DOI 10.1179/1743285511Y.0000000017
Citations Scopus - 4
2011 Chibwe DK, Akdogan G, Aldrich C, Eric RH, 'CFD modelling of global mixing parameters in a Peirce-Smith converter with comparison to physical modelling', International Journal of Green Economics, 6 (2011)

The flow pattern and mixing in an industrial Peirce-Smith converter (PSC) has been experimentally and numerically studied using cold model simulations. The effects of air volumetr... [more]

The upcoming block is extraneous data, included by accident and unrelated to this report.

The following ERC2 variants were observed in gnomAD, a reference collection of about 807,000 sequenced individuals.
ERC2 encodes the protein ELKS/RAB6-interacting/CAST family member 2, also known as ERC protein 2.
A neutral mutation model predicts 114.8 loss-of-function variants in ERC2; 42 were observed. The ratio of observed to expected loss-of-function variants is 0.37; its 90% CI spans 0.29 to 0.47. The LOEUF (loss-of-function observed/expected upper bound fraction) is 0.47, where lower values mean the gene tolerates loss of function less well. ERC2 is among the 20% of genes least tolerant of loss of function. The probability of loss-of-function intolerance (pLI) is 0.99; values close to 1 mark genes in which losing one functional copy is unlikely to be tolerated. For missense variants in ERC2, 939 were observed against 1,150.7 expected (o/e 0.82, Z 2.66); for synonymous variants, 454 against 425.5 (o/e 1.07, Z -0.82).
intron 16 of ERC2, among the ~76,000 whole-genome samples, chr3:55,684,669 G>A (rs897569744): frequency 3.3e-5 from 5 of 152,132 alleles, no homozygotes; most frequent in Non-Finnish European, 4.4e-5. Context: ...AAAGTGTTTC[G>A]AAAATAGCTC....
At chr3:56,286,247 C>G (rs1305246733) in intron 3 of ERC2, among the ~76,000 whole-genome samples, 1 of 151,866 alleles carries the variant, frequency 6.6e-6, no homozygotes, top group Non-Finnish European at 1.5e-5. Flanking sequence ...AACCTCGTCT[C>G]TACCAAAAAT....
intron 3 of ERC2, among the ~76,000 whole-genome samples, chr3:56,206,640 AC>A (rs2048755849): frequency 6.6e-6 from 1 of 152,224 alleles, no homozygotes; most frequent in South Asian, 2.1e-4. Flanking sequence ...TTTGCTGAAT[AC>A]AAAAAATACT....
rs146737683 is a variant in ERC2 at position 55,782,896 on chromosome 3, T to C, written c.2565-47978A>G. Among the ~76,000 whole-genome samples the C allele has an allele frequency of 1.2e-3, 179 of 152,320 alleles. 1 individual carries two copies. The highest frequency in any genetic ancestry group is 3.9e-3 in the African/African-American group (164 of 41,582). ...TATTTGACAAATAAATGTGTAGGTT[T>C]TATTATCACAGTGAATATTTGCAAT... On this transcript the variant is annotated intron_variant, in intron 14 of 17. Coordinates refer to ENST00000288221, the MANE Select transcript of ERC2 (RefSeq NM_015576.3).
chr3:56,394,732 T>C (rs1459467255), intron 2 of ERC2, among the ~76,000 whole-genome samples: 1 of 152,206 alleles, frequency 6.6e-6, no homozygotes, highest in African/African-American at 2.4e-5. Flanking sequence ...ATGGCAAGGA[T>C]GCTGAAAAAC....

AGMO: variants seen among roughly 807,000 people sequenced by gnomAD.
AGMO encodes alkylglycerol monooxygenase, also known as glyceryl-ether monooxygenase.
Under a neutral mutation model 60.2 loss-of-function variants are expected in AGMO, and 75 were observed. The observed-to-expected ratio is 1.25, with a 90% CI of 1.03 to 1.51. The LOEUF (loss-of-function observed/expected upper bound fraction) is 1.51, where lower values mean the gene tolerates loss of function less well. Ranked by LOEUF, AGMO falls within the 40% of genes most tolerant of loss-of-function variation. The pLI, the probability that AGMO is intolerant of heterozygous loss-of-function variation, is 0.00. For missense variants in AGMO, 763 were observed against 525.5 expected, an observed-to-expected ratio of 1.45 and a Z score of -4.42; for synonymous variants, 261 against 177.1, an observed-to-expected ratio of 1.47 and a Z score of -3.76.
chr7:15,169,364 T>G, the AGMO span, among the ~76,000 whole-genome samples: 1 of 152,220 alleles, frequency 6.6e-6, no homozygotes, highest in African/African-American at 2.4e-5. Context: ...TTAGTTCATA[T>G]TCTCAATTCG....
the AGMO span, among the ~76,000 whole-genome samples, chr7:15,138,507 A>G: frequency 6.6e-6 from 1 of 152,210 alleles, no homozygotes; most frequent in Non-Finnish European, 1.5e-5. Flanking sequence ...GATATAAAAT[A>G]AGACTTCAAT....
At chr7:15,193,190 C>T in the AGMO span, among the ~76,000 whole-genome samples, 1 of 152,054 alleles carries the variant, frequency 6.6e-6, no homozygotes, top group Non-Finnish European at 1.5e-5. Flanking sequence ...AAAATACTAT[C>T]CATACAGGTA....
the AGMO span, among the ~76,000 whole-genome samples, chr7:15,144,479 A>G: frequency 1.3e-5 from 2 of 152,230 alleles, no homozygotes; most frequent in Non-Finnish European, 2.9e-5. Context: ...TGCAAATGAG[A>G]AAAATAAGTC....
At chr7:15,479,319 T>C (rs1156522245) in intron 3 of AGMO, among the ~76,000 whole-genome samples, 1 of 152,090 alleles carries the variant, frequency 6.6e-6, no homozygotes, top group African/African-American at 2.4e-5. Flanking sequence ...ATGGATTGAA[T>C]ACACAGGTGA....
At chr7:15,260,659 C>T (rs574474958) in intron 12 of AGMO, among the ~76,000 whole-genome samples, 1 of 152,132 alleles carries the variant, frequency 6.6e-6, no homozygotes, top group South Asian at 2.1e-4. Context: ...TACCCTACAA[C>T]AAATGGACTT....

The flow pattern and mixing in an industrial Peirce-Smith converter (PSC) has been experimentally and numerically studied using cold model simulations. The effects of air volumetric flow rate and presence of overlaying slag phase on matte on the flow structure and mixing were investigated. The 2-D and 3-D simulations of the three phase system were carried out using volume of fluid (VOF) and realizable k - ? turbulence model to account for the multiphase and turbulence nature of the flow respectively. These models were implemented using commercial Computational Fluid Dynamics (CFD) numerical code FLUENT. The cold model for physical simulations was a 1:5 horizontal cylindrical container made of Perspex with seven tuyeres on one side of the cylinder typifying a Peirce-Smith converter. Compressed air was blown into the cylinder through the tuyeres, simulating air or oxygen enriched air injection into the PSC. The matte and slag phases were simulated with water and kerosene respectively in this study. The influence of varying blowing conditions and simulated slag quantities on the bulk mixing was studied with five different air volumetric flow rates and five levels of simulated slag thickness. Mixing time results were evaluated in terms of total specific mixing power and two mixing time correlations were proposed for estimating mixing times in the model of PSC for low slag and high slag volumes. Both numerical and experimental simulations were in good agreement to predict the variation characteristics of the system in relation to global flow field variables set up in the converter through mathematical calculation of relevant integrated quantities of turbulence, Volume Fraction (VF) and velocity magnitudes. The findings revealed that both air volumetric flow rate and presence of the overlaying slag layer have profound effects on the mixing efficiency of the converter.